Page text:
At least once a week – maybe more often – I’ll have a prospect or client say to me: ”I can’t understand why the media won’t run a story on my…” Well, there may be a number of reasons. Here are 5: (more…)
Archive for the ‘Media Relations/PR’ Category
Pew’s recently released analysis of the state of the news media appears, upon first analysis, to be nothing but dismal. The report indicates that newspaper newsroom cutbacks left the industry down 30 percent since its peak in 2000–actually below 40,000 full-time employees for the first time since 1978! Instead of news as we know it, most of these “news” outlets are focused on reporting sports, weather and traffic. Even CNN’s news packages are down nearly half according to the report.
But, for businesses, business professionals and would-be thought leaders there’s a silver lining here. (more…)
As I interact with business professionals at networking events, or through prospect or client meetings, a question that frequently comes up is: “How can I get the media to cover my business?” The way this question is framed often provides me with some indication of why the business or individual is struggling to get the coverage they’re hoping for. It’s an “inside out” question. It’s focused on (more…)
There was a long, lengthy and actually quite interesting (for communication nerds like me, anyway…) discussion in a LinkedIn group recently about the proper terminology for a commonly used communication tool designed to generate interest from the media — is it a “press” release, a “news” release, a “media” release, or something else? Truth be told, it probably doesn’t matter what we call it — what really matters, pointed out the pragmatists in the group — is whether or not the desired results are achieved. And that created an entirely separate discussion! Regardless of what you call it, is the practice of sending out self-proclaiming statements via “snail” mail or, now, email, a thing of the past? Are there better, more effective, means of generating media attention? The answer–yes, and no… (more…)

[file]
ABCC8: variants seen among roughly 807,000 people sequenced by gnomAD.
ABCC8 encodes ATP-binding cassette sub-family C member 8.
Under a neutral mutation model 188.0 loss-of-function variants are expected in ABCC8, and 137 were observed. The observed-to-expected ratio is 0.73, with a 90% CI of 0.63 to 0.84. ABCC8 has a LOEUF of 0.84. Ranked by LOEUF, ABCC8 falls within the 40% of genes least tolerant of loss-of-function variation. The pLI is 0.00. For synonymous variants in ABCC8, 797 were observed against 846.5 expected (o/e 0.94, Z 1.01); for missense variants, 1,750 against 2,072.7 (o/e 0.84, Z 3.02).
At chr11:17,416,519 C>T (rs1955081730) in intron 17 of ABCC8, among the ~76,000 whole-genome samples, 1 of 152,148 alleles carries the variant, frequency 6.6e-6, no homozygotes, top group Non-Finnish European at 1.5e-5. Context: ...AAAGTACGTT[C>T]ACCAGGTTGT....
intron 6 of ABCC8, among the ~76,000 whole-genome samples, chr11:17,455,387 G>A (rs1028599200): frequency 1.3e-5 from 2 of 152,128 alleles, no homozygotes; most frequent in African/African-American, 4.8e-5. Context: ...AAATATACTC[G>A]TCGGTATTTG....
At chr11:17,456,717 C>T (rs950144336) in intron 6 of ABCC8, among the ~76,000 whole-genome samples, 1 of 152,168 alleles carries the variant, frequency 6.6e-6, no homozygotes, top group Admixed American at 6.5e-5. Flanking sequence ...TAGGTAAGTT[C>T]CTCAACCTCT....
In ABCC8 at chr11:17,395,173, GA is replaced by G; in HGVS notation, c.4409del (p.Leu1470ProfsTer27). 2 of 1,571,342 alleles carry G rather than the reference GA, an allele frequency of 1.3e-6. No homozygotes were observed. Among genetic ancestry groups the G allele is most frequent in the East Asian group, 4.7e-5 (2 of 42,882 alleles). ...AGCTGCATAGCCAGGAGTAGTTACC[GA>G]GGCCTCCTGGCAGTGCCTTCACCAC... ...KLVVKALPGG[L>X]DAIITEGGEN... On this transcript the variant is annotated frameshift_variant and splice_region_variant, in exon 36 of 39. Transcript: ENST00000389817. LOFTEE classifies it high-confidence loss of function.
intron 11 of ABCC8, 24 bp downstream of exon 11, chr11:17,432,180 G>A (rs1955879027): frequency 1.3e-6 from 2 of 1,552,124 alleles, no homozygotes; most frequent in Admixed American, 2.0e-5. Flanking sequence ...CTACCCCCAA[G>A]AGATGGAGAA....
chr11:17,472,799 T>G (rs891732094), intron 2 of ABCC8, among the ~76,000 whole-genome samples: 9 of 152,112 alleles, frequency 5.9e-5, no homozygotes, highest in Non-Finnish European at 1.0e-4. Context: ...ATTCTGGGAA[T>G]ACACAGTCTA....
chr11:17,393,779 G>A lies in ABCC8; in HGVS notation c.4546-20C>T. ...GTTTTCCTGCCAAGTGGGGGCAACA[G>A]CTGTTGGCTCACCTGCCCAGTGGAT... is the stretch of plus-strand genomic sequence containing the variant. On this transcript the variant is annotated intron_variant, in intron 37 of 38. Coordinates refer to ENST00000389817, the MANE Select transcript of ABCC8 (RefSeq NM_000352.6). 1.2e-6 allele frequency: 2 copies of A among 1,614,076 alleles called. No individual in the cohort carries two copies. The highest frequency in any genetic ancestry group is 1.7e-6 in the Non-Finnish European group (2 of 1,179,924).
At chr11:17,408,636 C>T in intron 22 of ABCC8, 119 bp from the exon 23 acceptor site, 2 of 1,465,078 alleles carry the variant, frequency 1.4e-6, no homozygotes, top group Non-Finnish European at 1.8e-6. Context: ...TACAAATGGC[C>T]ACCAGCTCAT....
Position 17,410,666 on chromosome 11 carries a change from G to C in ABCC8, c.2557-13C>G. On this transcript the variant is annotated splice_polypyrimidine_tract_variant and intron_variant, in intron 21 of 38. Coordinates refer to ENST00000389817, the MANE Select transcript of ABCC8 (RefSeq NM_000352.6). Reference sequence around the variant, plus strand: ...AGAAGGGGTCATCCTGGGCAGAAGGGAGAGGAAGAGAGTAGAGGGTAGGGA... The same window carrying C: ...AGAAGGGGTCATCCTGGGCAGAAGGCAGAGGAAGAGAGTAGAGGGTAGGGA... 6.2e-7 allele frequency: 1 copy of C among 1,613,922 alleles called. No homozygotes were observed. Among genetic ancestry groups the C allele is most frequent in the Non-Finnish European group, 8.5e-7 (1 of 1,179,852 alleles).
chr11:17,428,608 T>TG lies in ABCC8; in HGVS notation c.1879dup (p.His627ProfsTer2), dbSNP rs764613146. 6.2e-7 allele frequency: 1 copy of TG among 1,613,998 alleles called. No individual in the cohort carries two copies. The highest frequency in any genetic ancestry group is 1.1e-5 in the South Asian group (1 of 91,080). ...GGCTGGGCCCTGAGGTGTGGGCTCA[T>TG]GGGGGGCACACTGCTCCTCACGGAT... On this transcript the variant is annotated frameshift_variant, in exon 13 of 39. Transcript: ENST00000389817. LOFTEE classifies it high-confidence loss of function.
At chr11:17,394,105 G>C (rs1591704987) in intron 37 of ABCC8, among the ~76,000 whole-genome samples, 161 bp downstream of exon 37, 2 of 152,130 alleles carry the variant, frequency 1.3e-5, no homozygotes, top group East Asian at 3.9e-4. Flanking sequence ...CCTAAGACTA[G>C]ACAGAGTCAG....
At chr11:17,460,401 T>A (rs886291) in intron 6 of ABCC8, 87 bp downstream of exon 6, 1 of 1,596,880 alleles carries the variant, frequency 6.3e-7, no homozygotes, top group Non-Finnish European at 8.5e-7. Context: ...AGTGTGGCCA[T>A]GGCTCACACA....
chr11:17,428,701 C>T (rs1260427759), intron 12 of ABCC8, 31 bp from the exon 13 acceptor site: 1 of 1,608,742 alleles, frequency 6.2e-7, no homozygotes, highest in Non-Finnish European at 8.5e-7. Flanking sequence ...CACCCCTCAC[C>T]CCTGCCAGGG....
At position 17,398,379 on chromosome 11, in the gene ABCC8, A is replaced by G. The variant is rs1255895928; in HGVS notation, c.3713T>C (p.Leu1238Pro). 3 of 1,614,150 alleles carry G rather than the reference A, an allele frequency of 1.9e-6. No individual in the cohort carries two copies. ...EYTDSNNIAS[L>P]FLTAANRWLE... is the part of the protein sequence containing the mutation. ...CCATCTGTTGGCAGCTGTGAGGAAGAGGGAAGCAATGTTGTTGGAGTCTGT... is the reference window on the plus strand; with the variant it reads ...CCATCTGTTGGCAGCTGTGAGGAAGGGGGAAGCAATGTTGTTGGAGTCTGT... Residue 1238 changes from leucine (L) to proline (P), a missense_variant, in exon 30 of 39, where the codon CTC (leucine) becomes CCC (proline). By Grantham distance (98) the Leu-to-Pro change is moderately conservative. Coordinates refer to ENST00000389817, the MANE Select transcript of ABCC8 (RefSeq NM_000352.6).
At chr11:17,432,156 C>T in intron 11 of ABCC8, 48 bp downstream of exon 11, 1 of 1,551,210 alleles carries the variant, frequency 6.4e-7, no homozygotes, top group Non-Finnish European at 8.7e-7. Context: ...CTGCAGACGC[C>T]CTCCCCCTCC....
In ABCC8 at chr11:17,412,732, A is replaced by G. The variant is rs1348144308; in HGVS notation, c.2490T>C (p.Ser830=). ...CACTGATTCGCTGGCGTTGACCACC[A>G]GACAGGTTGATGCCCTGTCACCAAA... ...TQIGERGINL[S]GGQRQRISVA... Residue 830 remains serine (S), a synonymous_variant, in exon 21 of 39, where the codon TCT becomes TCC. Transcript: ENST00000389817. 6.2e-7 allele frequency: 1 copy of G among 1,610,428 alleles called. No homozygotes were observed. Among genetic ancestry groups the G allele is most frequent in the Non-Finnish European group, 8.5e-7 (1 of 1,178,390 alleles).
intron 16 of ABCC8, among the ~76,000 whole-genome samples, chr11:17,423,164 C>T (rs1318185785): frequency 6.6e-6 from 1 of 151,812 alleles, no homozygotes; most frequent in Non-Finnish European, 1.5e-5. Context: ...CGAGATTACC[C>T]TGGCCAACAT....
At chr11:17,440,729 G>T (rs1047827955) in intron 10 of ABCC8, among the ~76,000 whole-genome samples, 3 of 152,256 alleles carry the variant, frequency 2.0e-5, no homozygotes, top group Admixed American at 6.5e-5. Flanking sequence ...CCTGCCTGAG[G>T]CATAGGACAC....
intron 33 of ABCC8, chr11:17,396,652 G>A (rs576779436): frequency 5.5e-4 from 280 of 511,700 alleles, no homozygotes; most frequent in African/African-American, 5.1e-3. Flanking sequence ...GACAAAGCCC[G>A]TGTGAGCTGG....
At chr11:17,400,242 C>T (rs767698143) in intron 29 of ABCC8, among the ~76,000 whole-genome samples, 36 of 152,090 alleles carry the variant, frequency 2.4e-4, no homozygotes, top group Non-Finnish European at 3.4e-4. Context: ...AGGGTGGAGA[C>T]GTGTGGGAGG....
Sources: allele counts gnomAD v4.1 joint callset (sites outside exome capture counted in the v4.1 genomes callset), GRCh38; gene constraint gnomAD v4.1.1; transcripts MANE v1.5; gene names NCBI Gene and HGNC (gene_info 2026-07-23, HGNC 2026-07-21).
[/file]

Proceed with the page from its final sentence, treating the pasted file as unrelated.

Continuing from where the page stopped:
I recently did a presentation for a group of Young Professionals that are part of a local Chamber of Commerce on how to create and deliver effective “elevator speeches.” Elevator speeches are those brief introductions that we’re all called upon to give from time to time, particularly in networking situations when we’re asked: “What do you do?”
For business owners, consultants and business leaders in any field, the opportunity to deliver an “elevator speech” is an opportunity to support your desired brand perception. We often fail to think of it that way, though–instead, we tend to think of it as simply a requirement to provide some general information about what it is we do.
Interestingly, as I worked on the presentation for this group it became very clear to me that just as when thinking about organizational brand impact, individually we have an opportunity to define and manage our personal brands. The steps are very similar to the steps I take when working with clients on branding-related issues. They are: (more…)
The Super Bowl is behind us, but buzz about the brands that bought space to reach the masses during this much-watched event is still buzzing. It’s buzz that can benefit businesses–of any size–that are looking for ways to boost awareness and break through an increasingly cluttered media environment. Small businesses, in particular, can learn from the best of the best (and worst of the worst…). For example: (more…)
Like many writers/PR people, I have been fortunate to have experience in both worlds. As a freelance writer for a number of years I often turn to PR professionals and publicists for assistance in finding sources. And I learn a lot from them about what works and what doesn’t in terms of providing journalists (me, in this case) with useful information. I use the things I learn with my “freelancer writer hat” on when I’m attempting to generate PR/media coverage for my business or my clients.
I’ve learned a lot from the bad examples I see from over-zealous, inexperienced and annoying PR people or “experts.” (more…)